I recently came by this concept by watching an old episode of Chibi Maruko-chan from the early 90's, and liked it so much I've adopted it into my own practices. When you look up the word 'gankake' in a Japanese-English dictionary, it will simply tell you it is a Buddhist or Shinto prayer (it appears to be more commonly Buddhist). Yet thanks to the episode in question (which I'm frantically trying to find again), I was able to learn a bit more about it.

In the episode Maruko is going to take part in a sports event (I forget what it is specifically), but she doesn't think she has much hope of winning. Then at dinner, her grandmother tells her she won't have any sweets. Maruko doesn't understand, because they are her favourite, but she explains she is 'gankakechuu' (I'm a terrible translator, but I guess something like 'currently praying'. She then says she can't say what she's asked for until it comes true, but she is avoiding sweets to show her dedication to her wish. Of course Maruko attempts this herself in order to succeed in the competition.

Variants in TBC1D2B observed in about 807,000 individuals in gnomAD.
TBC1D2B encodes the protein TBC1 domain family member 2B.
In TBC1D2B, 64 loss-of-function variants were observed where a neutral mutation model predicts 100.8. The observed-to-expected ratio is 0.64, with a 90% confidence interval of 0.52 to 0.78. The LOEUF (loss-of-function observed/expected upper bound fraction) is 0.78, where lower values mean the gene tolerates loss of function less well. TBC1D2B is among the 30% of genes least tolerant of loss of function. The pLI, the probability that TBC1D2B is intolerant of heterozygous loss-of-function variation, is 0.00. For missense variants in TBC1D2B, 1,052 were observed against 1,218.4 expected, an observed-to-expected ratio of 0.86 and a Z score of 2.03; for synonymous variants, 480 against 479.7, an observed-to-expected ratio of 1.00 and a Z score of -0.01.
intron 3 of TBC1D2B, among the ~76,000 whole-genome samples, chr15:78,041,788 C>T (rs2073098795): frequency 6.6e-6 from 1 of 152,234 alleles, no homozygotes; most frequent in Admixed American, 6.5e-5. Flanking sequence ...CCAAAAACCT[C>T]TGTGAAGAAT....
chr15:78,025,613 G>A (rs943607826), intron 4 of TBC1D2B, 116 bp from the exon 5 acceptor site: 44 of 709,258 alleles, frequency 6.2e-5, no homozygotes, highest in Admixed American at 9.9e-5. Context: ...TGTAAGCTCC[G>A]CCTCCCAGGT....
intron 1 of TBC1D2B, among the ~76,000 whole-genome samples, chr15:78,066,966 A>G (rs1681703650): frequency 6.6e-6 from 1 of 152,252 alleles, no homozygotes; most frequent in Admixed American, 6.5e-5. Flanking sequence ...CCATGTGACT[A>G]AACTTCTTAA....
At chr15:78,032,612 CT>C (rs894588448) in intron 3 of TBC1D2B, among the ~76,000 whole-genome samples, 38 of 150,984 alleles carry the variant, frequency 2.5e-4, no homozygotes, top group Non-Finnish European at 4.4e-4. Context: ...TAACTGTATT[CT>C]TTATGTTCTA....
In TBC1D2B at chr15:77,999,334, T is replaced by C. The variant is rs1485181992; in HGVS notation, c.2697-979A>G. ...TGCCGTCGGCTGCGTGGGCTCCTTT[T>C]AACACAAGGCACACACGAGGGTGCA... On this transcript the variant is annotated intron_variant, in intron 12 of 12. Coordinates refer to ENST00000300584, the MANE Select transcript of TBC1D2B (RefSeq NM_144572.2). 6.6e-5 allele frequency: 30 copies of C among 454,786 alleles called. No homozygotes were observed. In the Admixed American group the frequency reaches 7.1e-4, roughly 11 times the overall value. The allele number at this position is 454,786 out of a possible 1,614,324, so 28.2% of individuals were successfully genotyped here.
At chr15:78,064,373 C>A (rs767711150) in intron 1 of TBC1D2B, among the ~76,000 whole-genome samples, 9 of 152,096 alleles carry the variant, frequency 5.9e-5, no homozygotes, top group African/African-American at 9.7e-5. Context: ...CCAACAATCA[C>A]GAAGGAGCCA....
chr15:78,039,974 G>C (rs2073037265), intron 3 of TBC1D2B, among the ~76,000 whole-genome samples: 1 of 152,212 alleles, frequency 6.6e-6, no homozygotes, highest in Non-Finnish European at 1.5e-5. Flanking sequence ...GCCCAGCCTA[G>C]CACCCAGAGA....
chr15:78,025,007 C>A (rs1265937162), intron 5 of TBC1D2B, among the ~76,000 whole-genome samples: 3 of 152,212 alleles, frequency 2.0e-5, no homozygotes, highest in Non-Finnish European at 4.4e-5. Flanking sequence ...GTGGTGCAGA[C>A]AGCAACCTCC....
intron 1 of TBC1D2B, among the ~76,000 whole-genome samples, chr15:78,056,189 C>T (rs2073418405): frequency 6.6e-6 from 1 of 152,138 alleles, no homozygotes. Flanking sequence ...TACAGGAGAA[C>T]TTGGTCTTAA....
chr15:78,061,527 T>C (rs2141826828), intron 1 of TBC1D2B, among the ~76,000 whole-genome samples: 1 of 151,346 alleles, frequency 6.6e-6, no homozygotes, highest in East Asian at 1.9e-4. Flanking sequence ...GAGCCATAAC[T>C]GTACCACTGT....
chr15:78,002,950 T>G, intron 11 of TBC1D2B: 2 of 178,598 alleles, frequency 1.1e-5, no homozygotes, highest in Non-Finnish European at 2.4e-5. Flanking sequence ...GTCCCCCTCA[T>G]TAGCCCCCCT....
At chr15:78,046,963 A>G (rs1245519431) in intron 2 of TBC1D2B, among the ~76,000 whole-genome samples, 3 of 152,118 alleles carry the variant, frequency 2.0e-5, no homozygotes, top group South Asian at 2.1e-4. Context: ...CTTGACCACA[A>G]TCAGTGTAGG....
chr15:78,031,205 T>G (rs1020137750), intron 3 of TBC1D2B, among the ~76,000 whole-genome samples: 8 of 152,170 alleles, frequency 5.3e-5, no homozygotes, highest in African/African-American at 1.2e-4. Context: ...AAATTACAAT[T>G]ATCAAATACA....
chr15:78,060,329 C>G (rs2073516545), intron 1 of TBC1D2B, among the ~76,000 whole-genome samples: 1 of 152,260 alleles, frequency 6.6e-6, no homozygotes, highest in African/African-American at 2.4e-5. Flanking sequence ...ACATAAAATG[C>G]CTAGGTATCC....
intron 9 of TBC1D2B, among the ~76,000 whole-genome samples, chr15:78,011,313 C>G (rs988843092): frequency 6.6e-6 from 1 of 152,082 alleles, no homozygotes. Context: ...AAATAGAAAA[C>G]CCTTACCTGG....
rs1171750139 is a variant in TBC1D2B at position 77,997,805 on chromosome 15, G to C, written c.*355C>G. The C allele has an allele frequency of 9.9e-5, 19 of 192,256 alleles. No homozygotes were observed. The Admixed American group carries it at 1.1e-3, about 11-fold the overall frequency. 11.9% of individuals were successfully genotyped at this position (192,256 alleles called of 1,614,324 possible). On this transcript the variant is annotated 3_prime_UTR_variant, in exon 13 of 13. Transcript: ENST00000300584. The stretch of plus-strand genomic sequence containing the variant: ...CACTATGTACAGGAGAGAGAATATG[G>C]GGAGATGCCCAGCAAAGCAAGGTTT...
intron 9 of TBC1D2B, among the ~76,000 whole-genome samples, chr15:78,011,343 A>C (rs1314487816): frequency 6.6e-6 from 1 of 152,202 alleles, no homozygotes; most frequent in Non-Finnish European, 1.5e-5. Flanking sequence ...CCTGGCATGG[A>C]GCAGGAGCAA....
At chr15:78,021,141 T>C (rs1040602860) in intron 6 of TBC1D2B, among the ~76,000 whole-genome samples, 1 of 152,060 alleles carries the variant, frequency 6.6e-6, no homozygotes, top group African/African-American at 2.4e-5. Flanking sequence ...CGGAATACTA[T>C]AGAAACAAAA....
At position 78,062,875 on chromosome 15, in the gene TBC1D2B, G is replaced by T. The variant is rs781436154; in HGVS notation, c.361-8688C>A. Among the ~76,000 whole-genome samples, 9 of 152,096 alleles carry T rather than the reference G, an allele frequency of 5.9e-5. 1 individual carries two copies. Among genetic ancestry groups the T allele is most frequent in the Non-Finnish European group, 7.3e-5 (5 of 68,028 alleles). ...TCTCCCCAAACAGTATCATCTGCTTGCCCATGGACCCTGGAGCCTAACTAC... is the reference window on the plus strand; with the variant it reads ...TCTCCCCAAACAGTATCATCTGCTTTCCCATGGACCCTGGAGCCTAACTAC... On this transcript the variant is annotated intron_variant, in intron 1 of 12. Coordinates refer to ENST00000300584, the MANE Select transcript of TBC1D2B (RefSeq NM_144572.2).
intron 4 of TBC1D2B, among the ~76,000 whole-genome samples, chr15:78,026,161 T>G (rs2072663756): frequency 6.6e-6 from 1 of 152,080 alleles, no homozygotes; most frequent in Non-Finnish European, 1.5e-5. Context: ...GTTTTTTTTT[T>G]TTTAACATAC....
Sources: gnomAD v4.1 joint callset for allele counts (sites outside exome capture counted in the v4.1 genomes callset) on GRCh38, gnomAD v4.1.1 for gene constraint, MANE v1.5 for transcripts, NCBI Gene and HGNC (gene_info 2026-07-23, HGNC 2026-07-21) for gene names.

It seemed like a nice idea. Very similar to giving up something for lent. I wanted to know more so looked it up on Wikipedia and discovered that this is fairly common practice in Japan although maybe more so amongst the older generation, with people giving up anything from specific foods to even cutting their hair!

So I've decided to give it a go, but I've tweaked it a little. Being a witch, my more important 'prayers' take the form of spells. So it seemed fitting to do this in order to add emphasis to my spell work... to somehow stay actively engaged in the process even after the spell itself has been performed. I pick a specific thing to go without for one whole moon cycle (usually full moon to full moon). I haven't had chocolate for 2 weeks and it's turned out harder than I thought, especially since I consider chocolate a 'sometimes treat', but actually, I think I am already seeing the affects of my last spell.. so maybe there's something in this gankake lark!

Has anyone else heard of this concept? Have you tried it yourself. If you are learning about it for the first time, is it something you would feel comfortable incorporating into your own practices?